Each member of the committee is head of one of the sub-committees within the association. These sub-committees bring together a variety of motivated volunteers around one activity, essential to the development of Nightline:

Well-being sub-committee: The well-being of our volunteers is at the heart of our mission! This sub-committee was created to organise outings and events each month so as to ensure the integration of new and existing volunteers.

Training sub-committee: Composed of experienced volunteers, the training sub-committee is responsible for recruiting and training new volunteers as well as for organising follow-up training sessions for the older generations.

Partnerships and Expansion sub-committee: A group of motivated volunteers meet new establishments (in Paris and elsewhere) and negotiate partnerships in order to make Nightline available to a maximum of students.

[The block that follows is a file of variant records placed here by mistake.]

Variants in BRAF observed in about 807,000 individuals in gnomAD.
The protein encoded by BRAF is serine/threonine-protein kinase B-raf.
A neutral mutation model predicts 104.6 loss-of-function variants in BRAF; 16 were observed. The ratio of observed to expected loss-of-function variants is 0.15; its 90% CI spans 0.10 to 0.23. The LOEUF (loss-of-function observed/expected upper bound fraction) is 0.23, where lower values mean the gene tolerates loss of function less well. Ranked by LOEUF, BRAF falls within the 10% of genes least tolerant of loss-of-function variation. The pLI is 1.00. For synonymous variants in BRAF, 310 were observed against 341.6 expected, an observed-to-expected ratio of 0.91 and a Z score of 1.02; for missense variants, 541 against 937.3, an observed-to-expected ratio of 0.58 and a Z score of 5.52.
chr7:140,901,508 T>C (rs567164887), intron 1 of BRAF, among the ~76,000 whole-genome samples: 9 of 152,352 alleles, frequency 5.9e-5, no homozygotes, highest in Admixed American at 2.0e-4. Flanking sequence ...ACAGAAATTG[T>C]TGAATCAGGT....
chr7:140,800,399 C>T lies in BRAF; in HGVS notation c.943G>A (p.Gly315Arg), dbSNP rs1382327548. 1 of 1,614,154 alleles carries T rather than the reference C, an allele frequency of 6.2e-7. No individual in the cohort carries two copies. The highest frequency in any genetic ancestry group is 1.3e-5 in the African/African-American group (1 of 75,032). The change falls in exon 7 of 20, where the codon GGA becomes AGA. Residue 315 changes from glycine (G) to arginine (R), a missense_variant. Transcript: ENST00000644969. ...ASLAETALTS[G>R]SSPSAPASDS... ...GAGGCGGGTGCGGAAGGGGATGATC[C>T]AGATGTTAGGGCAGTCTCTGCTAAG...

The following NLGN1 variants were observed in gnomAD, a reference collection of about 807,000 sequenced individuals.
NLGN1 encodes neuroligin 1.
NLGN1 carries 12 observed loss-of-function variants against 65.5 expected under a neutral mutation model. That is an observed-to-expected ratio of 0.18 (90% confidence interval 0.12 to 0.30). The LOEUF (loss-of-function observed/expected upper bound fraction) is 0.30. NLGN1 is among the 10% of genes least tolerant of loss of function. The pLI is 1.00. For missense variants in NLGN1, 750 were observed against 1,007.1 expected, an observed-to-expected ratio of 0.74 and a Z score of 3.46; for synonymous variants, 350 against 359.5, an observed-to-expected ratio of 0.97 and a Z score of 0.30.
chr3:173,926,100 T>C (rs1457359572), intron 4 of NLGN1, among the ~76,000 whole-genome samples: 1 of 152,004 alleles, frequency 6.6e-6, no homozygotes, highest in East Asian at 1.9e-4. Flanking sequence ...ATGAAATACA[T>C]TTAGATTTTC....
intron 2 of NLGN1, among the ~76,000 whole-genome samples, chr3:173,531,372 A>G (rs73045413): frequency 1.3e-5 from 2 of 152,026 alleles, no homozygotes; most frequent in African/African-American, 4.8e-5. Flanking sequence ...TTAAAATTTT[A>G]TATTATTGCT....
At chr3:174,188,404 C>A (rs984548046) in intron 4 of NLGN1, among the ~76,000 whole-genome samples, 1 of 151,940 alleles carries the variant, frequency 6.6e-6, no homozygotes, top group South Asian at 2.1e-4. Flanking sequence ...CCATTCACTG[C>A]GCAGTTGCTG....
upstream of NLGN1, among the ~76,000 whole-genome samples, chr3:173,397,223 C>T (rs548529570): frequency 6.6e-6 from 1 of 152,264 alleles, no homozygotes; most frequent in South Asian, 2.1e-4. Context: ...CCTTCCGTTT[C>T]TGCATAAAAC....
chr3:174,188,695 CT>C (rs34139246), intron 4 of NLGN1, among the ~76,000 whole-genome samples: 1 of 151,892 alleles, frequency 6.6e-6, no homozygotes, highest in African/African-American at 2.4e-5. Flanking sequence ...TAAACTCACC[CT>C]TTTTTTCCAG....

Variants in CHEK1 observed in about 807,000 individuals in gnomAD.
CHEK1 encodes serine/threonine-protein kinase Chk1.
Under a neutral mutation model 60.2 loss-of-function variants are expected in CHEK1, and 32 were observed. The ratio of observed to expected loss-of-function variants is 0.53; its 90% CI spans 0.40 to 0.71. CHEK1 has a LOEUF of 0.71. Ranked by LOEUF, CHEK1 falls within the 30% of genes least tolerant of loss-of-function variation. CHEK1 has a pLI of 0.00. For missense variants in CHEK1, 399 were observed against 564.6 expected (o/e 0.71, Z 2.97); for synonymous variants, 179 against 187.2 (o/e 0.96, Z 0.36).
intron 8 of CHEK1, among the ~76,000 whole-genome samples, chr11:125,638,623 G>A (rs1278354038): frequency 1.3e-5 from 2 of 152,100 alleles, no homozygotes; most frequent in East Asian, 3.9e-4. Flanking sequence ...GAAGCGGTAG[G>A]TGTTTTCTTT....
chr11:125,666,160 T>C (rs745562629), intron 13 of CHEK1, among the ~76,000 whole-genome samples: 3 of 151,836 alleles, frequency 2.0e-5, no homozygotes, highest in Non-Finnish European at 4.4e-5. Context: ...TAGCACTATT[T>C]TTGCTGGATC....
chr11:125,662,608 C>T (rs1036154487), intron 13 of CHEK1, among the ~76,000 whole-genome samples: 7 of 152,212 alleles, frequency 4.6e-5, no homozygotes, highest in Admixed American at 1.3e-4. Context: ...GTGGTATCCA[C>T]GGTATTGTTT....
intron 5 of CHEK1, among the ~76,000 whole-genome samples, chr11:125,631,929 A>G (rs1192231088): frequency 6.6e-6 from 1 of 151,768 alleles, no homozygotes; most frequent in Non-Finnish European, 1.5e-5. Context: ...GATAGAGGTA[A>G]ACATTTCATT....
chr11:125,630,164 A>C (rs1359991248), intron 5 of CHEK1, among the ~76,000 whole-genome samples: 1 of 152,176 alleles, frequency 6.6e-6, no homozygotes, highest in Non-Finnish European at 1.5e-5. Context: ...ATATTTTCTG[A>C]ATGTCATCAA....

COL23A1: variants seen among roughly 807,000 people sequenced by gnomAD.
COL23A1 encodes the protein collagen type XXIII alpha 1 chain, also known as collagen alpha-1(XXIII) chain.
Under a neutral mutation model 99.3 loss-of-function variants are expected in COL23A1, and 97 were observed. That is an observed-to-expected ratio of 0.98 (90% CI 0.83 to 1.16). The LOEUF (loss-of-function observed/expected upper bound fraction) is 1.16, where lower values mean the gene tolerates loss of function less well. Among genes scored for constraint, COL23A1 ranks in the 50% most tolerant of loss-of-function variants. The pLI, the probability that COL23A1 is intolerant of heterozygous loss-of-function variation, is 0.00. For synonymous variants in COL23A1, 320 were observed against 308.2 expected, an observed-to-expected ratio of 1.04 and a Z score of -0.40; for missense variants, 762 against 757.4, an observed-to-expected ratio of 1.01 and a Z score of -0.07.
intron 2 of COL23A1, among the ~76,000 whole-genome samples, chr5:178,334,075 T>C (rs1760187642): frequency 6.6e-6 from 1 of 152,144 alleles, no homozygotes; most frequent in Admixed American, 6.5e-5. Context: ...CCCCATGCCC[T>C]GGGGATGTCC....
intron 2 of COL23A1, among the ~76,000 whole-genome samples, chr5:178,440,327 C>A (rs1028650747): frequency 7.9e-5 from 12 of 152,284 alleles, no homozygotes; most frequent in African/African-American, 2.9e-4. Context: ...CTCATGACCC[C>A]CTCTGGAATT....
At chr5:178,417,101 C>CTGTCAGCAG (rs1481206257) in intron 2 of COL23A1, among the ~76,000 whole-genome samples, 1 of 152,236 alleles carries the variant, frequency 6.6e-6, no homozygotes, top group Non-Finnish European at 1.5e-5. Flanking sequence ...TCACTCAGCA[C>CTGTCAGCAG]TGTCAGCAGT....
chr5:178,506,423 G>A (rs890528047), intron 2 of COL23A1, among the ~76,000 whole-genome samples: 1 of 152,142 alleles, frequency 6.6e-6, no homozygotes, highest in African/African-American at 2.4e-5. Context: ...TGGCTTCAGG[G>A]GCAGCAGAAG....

Finance sub-committee: With an important budget divided between the running of the association, the launching of new projects and the payment of employees, interns and volunteers in civil service, the finance sub-committee manages the association’s funds so as to ensure everything runs smoothly.

Research and Development sub-committee: This is the most specialised sub-committee in the association as it reviews research on mental health, in France and abroad, in order to remain up-to-date on what is being done and thus carry out innovative campaigns aimed at students.

Communication sub-committee: The communication sub-committee is perfect for volunteers with artistic talents, as they can participate in the creation of content for our many different platforms (cartoons, graphics, videos, etc.)